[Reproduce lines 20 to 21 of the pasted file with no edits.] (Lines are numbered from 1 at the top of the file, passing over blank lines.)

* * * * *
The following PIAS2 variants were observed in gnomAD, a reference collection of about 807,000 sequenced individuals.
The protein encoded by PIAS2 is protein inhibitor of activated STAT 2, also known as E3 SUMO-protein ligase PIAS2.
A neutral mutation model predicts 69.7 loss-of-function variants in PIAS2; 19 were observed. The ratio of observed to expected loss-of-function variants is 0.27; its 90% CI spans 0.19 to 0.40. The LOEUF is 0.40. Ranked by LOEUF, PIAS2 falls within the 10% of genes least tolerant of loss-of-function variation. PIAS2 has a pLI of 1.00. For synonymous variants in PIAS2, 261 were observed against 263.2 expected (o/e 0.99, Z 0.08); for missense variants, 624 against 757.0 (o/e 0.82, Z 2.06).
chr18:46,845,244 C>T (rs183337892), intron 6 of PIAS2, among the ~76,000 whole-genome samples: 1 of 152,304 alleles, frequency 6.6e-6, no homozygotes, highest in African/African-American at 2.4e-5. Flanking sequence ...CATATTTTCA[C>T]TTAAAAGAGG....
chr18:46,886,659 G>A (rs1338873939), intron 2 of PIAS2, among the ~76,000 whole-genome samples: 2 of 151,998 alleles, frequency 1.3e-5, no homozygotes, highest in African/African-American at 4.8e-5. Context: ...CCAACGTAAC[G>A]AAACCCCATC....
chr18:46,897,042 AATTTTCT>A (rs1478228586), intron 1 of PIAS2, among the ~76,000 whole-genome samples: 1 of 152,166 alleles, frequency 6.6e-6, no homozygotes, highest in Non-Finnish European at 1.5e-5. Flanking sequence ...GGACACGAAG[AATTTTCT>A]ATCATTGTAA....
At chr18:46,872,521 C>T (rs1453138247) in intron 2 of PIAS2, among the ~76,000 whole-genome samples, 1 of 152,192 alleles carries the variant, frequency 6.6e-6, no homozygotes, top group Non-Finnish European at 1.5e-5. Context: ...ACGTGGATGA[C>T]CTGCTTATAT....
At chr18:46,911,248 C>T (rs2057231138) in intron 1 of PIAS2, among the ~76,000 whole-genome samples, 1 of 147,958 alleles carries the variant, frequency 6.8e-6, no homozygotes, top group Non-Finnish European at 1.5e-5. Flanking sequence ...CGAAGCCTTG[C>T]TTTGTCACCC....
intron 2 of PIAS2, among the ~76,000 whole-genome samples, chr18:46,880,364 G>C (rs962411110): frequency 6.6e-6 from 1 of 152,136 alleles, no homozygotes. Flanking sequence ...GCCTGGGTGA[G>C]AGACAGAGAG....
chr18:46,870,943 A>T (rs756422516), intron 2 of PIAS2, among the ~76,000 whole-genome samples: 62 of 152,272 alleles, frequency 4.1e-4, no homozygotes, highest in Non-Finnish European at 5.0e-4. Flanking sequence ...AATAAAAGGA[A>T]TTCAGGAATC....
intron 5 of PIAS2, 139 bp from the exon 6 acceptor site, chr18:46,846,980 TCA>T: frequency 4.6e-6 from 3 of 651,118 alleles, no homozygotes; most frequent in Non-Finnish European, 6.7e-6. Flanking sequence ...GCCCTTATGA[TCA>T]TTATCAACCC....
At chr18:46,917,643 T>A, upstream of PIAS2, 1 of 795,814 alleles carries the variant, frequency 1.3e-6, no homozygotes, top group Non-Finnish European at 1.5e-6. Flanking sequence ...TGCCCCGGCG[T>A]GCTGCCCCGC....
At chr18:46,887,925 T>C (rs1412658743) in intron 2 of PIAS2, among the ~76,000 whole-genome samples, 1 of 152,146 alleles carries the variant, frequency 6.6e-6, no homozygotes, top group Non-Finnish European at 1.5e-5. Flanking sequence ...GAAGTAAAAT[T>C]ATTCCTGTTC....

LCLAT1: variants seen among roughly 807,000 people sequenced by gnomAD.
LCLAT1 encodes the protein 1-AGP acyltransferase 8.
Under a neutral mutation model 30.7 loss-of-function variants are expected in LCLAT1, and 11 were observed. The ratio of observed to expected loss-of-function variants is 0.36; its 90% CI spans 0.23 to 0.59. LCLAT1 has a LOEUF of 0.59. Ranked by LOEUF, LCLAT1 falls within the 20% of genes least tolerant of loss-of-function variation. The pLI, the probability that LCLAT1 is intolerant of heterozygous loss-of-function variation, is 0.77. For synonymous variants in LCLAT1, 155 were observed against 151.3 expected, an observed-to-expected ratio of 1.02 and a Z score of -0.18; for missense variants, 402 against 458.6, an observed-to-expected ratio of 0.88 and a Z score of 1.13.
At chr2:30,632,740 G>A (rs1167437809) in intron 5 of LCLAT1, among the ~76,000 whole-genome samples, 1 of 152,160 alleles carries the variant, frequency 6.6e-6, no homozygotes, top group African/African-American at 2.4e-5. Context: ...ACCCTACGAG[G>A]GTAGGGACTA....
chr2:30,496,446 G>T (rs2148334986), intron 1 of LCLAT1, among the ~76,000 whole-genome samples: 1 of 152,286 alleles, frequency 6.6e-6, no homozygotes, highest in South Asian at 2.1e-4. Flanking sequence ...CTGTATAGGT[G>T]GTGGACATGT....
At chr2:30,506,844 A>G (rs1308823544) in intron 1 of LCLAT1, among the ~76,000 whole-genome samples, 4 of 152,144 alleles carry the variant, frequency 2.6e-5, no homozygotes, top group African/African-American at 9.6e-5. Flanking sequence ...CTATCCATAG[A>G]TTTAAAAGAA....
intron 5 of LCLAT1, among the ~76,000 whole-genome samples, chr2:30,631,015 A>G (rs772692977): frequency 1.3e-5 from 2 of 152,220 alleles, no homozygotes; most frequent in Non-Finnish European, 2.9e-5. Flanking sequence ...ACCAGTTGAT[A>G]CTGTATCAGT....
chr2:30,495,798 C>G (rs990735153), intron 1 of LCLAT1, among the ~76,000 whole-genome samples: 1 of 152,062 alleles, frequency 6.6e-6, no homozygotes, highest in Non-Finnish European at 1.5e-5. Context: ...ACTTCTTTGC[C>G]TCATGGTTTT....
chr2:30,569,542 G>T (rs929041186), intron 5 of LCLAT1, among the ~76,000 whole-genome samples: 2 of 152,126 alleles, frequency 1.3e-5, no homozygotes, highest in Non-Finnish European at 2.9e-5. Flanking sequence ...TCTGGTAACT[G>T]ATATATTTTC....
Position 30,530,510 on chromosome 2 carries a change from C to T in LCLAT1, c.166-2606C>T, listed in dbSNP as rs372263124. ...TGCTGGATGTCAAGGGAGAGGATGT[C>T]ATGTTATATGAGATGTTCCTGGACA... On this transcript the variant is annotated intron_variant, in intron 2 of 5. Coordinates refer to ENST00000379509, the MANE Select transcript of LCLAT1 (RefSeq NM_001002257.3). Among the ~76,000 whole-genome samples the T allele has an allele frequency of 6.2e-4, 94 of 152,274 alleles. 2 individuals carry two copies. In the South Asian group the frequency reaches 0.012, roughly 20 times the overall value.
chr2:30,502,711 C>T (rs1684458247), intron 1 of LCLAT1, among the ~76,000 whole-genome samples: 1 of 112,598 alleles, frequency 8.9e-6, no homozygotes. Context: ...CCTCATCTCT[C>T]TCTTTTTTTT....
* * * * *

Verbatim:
intron 5 of LCLAT1, among the ~76,000 whole-genome samples, chr2:30,631,015 A>G (rs772692977): frequency 1.3e-5 from 2 of 152,220 alleles, no homozygotes; most frequent in Non-Finnish European, 2.9e-5. Flanking sequence ...ACCAGTTGAT[A>G]CTGTATCAGT....
chr2:30,495,798 C>G (rs990735153), intron 1 of LCLAT1, among the ~76,000 whole-genome samples: 1 of 152,062 alleles, frequency 6.6e-6, no homozygotes, highest in Non-Finnish European at 1.5e-5. Context: ...ACTTCTTTGC[C>G]TCATGGTTTT....